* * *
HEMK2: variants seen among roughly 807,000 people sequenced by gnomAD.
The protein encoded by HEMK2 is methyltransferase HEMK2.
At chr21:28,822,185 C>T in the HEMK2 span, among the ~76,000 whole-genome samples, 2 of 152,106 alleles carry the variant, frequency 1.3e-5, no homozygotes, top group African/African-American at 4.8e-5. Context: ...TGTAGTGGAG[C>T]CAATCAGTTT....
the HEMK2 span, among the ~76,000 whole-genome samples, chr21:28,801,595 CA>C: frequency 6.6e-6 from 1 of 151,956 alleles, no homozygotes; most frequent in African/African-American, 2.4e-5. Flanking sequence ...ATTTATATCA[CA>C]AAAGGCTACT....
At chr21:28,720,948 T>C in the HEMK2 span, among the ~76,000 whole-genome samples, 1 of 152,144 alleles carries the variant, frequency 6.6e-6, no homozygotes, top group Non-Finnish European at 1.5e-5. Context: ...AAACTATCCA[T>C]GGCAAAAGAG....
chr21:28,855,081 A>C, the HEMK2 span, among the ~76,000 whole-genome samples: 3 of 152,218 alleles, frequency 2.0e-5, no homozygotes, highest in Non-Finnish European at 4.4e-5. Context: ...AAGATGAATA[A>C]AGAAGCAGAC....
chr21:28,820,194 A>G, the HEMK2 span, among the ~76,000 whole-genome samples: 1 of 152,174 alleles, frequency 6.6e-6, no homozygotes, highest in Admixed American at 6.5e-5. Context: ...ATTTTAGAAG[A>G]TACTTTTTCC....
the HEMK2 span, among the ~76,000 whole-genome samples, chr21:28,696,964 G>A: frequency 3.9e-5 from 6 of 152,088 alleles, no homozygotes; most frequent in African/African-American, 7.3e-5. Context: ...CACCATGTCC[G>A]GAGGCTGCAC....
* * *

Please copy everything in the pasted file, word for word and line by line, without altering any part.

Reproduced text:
HEMK2: variants seen among roughly 807,000 people sequenced by gnomAD.
The protein encoded by HEMK2 is methyltransferase HEMK2.
At chr21:28,822,185 C>T in the HEMK2 span, among the ~76,000 whole-genome samples, 2 of 152,106 alleles carry the variant, frequency 1.3e-5, no homozygotes, top group African/African-American at 4.8e-5. Context: ...TGTAGTGGAG[C>T]CAATCAGTTT....
the HEMK2 span, among the ~76,000 whole-genome samples, chr21:28,801,595 CA>C: frequency 6.6e-6 from 1 of 151,956 alleles, no homozygotes; most frequent in African/African-American, 2.4e-5. Flanking sequence ...ATTTATATCA[CA>C]AAAGGCTACT....
At chr21:28,720,948 T>C in the HEMK2 span, among the ~76,000 whole-genome samples, 1 of 152,144 alleles carries the variant, frequency 6.6e-6, no homozygotes, top group Non-Finnish European at 1.5e-5. Context: ...AAACTATCCA[T>C]GGCAAAAGAG....
chr21:28,855,081 A>C, the HEMK2 span, among the ~76,000 whole-genome samples: 3 of 152,218 alleles, frequency 2.0e-5, no homozygotes, highest in Non-Finnish European at 4.4e-5. Context: ...AAGATGAATA[A>C]AGAAGCAGAC....
chr21:28,820,194 A>G, the HEMK2 span, among the ~76,000 whole-genome samples: 1 of 152,174 alleles, frequency 6.6e-6, no homozygotes, highest in Admixed American at 6.5e-5. Context: ...ATTTTAGAAG[A>G]TACTTTTTCC....
the HEMK2 span, among the ~76,000 whole-genome samples, chr21:28,696,964 G>A: frequency 3.9e-5 from 6 of 152,088 alleles, no homozygotes; most frequent in African/African-American, 7.3e-5. Context: ...CACCATGTCC[G>A]GAGGCTGCAC....